Yet favourites or not, the 2013 final demonstrated (if it was needed) the importance of turning in a performance to match the reputation, as Wigan scalped Manchester City to take the trophy, as they did again in the quarter finals of the 2013-14 competition.
Arsenal would do their best to make the same mistake.
With Walcott, Oxlade-Chamberlain and Gnabry out, Arsenal were short on wide options ahead of the game – a particular shame for the younger Englishman as one of the stars of the semi-final. Cup keeper Fabianski was again selected between the posts.
For Hull, both Jelavic and Long remained ineligible having played earlier in the competition for Everton and West Brom respectively, but Steve Bruce had an otherwise complete squad to select from.
Imagine the scene: you’ve been in the stadium for ages, soaking in the atmosphere, singing yourself hoarse and getting ready to welcome the team who you hope will return your first trophy in nine well-publicised years. You sit forward in your seat as the game kicks off and the clock ticks over to four minutes.
Hull win a corner on their first attack, from which Huddlestone hits a volley which is going well wide, right up until the point that centre back James Chester sticks out an instinctive foot right in front of goal and suddenly you are 1-0 down. Stunned.
But you gather yourself together, roar your team on as another four minutes tick by on the clock. Another set piece, this time a freekick (taken EIGHT yards ahead of where the incident occurred, but never mind Lee Probert!) is eventually headed against the post and all of a sudden after a bit of pingpong in the box, the other centreback Curtis Davies fires a second into the net. Comatose.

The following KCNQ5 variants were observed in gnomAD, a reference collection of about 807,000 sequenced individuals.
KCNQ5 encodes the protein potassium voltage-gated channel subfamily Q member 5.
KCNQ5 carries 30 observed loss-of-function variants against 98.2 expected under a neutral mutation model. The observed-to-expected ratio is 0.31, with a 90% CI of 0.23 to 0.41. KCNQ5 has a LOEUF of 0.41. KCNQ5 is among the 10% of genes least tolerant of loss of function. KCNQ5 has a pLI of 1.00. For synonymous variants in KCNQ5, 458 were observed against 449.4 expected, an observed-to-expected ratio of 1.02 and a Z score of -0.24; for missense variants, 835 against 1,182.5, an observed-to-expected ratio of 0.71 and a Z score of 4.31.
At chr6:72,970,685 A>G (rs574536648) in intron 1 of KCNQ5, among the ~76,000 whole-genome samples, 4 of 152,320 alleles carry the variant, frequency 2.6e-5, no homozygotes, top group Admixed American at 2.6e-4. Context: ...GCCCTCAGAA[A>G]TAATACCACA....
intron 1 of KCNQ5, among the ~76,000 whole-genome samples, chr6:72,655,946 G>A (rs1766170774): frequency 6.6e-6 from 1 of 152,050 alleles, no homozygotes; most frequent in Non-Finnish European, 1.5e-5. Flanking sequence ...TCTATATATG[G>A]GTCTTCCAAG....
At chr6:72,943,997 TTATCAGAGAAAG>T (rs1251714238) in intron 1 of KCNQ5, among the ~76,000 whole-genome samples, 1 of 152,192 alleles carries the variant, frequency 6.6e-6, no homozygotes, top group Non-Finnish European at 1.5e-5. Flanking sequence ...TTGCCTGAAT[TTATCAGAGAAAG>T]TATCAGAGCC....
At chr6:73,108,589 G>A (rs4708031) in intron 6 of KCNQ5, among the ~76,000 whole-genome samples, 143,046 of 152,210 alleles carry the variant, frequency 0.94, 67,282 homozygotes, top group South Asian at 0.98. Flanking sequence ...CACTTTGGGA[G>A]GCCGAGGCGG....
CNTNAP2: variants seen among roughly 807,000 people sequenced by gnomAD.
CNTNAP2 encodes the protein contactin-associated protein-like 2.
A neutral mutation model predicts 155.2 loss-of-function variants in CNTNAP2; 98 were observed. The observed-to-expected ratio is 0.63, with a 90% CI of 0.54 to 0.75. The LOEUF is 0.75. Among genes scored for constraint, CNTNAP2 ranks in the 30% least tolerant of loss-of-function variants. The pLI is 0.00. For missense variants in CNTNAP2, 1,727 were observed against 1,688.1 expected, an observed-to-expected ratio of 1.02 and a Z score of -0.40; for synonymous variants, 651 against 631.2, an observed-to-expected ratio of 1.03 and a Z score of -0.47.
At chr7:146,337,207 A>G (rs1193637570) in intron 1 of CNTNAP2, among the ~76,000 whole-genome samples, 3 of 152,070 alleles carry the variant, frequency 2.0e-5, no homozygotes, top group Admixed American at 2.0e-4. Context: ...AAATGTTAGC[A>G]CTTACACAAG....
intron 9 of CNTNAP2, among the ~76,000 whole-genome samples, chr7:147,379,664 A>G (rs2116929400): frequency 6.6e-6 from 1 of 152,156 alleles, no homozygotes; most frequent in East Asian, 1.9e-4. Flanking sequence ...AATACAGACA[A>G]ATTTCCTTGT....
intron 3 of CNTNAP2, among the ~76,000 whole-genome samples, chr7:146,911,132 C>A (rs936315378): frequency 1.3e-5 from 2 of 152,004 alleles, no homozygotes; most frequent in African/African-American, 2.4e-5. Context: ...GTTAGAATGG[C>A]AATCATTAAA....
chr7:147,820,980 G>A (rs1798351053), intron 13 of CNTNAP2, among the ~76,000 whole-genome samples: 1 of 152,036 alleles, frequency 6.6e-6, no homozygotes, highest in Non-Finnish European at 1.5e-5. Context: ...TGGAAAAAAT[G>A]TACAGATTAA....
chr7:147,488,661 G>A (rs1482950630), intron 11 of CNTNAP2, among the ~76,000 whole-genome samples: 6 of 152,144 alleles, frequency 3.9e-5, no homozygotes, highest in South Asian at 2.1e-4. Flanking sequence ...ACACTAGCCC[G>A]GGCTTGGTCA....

Arsenal simply weren’t living with Hull’s tempo, swaying like a boxer who has taken one hit too many. Another of the Tiger’s defenders – Alex Bruce – had yet another goal-bound header cleared off the line by the leaping Kieran Gibbs in a first 15 minutes which saw the Gunners barely touch the ball.
At that point, one man in my block left the stand. We’ll give him the benefit of the doubt and say it was a drinking-enforced bathroom break, but I can’t remember him returning to the stand. However, at that point pretty much every Arsenal fan both in the ground and around the world is thinking: Birmingham MK II. The only light at the end of the tunnel would be a quick goal.
It’s as if it’s the cue to wake up. A spell of possession ensues which draws Bruce into a clumsy tackle on Cazorla ten yards outside the box. The pint-size Spaniard dusts himself down, and as McGregor takes a fatal step the wrong way, Santi simply pings the ball into the top right corner of the net. A beauty.